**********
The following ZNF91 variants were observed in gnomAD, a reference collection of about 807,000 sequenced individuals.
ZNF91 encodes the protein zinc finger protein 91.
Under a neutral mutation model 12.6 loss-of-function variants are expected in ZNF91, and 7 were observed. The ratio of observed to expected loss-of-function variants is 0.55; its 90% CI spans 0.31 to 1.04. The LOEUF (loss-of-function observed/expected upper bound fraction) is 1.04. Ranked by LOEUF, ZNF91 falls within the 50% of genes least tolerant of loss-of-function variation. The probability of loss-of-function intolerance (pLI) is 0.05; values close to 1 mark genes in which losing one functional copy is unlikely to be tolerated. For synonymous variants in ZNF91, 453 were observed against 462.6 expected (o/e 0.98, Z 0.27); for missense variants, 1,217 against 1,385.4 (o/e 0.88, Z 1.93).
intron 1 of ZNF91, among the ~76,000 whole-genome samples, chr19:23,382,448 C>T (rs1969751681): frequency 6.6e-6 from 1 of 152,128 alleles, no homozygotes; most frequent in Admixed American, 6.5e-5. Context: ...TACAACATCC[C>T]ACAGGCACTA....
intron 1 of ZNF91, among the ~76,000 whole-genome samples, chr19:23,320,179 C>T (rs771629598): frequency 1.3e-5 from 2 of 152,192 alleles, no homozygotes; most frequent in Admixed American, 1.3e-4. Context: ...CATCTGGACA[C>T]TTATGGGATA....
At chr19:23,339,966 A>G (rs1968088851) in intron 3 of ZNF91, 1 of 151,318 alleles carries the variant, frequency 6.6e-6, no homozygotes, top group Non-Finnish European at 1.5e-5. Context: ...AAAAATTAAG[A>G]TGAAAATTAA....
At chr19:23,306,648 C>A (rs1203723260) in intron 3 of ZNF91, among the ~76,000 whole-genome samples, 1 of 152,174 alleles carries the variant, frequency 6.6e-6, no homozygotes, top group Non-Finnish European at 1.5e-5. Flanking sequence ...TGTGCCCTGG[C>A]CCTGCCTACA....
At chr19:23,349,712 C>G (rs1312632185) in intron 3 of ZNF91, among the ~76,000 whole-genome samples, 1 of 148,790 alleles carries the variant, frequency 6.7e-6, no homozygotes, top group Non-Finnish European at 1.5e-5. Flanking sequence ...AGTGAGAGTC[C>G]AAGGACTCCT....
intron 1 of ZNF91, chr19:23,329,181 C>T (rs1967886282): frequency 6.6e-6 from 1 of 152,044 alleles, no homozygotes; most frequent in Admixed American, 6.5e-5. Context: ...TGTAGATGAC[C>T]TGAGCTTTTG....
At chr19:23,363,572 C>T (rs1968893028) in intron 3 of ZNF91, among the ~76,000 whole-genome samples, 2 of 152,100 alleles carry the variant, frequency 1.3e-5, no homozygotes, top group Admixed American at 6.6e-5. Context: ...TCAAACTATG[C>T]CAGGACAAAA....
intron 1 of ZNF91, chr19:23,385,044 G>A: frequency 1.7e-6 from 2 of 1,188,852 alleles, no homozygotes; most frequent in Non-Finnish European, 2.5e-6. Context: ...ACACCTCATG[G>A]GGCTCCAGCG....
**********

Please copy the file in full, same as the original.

The following ZNF91 variants were observed in gnomAD, a reference collection of about 807,000 sequenced individuals.
ZNF91 encodes the protein zinc finger protein 91.
Under a neutral mutation model 12.6 loss-of-function variants are expected in ZNF91, and 7 were observed. The ratio of observed to expected loss-of-function variants is 0.55; its 90% CI spans 0.31 to 1.04. The LOEUF (loss-of-function observed/expected upper bound fraction) is 1.04. Ranked by LOEUF, ZNF91 falls within the 50% of genes least tolerant of loss-of-function variation. The probability of loss-of-function intolerance (pLI) is 0.05; values close to 1 mark genes in which losing one functional copy is unlikely to be tolerated. For synonymous variants in ZNF91, 453 were observed against 462.6 expected (o/e 0.98, Z 0.27); for missense variants, 1,217 against 1,385.4 (o/e 0.88, Z 1.93).
intron 1 of ZNF91, among the ~76,000 whole-genome samples, chr19:23,382,448 C>T (rs1969751681): frequency 6.6e-6 from 1 of 152,128 alleles, no homozygotes; most frequent in Admixed American, 6.5e-5. Context: ...TACAACATCC[C>T]ACAGGCACTA....
intron 1 of ZNF91, among the ~76,000 whole-genome samples, chr19:23,320,179 C>T (rs771629598): frequency 1.3e-5 from 2 of 152,192 alleles, no homozygotes; most frequent in Admixed American, 1.3e-4. Context: ...CATCTGGACA[C>T]TTATGGGATA....
At chr19:23,339,966 A>G (rs1968088851) in intron 3 of ZNF91, 1 of 151,318 alleles carries the variant, frequency 6.6e-6, no homozygotes, top group Non-Finnish European at 1.5e-5. Context: ...AAAAATTAAG[A>G]TGAAAATTAA....
At chr19:23,306,648 C>A (rs1203723260) in intron 3 of ZNF91, among the ~76,000 whole-genome samples, 1 of 152,174 alleles carries the variant, frequency 6.6e-6, no homozygotes, top group Non-Finnish European at 1.5e-5. Flanking sequence ...TGTGCCCTGG[C>A]CCTGCCTACA....
At chr19:23,349,712 C>G (rs1312632185) in intron 3 of ZNF91, among the ~76,000 whole-genome samples, 1 of 148,790 alleles carries the variant, frequency 6.7e-6, no homozygotes, top group Non-Finnish European at 1.5e-5. Flanking sequence ...AGTGAGAGTC[C>G]AAGGACTCCT....
intron 1 of ZNF91, chr19:23,329,181 C>T (rs1967886282): frequency 6.6e-6 from 1 of 152,044 alleles, no homozygotes; most frequent in Admixed American, 6.5e-5. Context: ...TGTAGATGAC[C>T]TGAGCTTTTG....
At chr19:23,363,572 C>T (rs1968893028) in intron 3 of ZNF91, among the ~76,000 whole-genome samples, 2 of 152,100 alleles carry the variant, frequency 1.3e-5, no homozygotes, top group Admixed American at 6.6e-5. Context: ...TCAAACTATG[C>T]CAGGACAAAA....
intron 1 of ZNF91, chr19:23,385,044 G>A: frequency 1.7e-6 from 2 of 1,188,852 alleles, no homozygotes; most frequent in Non-Finnish European, 2.5e-6. Context: ...ACACCTCATG[G>A]GGCTCCAGCG....